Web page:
As a result, we in the UK now have a hung parliament, with no single party having obtained a majority with which to rule. Ironically, both Labour and the Conservatives increased their vote share, with Labour reaching 40% of the vote, but the recent Tory campaign must go down as one of the most mismanaged, least inspiring and most cack-handed attempts to gain increased political power and legitimacy possibly in modern British history. Everything that the party could have messed up, they messed up. There was nothing of note about the campaign that was not negative. And they have been punished for their complacency at the ballot box, as is meant to happen in a healthy democracy.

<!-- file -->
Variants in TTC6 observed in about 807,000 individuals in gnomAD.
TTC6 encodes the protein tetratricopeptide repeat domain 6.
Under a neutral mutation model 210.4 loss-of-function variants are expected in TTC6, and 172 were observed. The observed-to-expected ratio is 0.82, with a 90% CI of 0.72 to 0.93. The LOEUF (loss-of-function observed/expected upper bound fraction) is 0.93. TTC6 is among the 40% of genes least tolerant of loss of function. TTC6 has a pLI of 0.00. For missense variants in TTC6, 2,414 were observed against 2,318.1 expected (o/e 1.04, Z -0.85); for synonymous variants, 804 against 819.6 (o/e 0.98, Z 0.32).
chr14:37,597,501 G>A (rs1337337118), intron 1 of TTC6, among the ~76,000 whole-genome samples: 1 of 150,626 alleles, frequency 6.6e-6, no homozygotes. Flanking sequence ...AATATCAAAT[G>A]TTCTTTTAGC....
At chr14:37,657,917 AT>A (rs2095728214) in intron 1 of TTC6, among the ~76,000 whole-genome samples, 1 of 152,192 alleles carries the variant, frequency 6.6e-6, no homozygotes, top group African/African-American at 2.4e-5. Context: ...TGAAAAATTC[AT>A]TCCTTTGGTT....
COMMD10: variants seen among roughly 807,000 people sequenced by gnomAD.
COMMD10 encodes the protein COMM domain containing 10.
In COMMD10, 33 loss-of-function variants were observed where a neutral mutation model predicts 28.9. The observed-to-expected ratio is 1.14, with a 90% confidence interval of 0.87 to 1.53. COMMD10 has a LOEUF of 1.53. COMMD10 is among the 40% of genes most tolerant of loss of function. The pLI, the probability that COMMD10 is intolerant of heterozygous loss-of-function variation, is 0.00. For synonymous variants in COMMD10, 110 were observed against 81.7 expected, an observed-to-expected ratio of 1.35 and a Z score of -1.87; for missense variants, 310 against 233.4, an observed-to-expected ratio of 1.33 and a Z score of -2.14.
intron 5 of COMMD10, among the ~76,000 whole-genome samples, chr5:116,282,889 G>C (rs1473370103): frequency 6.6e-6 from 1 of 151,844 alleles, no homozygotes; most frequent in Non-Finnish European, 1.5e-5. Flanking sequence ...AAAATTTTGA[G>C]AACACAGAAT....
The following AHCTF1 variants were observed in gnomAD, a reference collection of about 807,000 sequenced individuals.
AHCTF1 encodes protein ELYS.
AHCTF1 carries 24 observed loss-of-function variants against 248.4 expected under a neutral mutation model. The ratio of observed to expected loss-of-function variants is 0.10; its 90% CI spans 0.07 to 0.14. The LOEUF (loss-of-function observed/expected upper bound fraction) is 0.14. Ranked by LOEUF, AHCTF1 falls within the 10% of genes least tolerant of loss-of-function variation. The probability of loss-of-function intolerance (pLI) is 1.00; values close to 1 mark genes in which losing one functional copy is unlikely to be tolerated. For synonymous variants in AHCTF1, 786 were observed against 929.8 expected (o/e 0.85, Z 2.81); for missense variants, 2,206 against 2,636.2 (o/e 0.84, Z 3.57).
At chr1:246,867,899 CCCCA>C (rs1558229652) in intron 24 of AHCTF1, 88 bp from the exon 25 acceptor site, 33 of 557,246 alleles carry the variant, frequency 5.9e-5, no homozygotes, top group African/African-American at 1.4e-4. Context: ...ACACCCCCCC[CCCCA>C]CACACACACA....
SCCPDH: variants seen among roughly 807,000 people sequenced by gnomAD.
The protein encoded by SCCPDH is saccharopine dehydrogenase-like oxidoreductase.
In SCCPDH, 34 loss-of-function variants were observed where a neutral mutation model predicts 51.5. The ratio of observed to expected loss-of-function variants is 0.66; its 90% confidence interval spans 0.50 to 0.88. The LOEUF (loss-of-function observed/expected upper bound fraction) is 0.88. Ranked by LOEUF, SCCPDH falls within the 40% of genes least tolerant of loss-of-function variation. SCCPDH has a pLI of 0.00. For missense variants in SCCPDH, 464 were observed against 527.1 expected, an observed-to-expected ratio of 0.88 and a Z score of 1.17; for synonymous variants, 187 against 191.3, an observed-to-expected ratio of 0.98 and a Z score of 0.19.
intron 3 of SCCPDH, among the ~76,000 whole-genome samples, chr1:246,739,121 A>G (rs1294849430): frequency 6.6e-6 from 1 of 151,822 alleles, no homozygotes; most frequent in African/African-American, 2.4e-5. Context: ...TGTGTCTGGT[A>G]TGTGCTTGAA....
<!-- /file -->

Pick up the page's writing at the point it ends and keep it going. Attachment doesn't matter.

Theresa May has refused to resign, and is instead intending to carry on as Prime Minister as the head of a – maybe mortally – wounded Conservative government, probably because to launch another Tory party leadership election would just finish the party off. The Tories have fallen around 4-5 seats short of the 326 needed to form a government, and now have to go begging to the DUP of Northern Ireland to make up the numbers, a party with its own past involved with terrorism, on the other side of the sectarian divide of Northern Ireland’s Troubles to the IRA. These are not the kind of people that will endear potential voters to the Tories, and may well prove to be a poisoned chalice.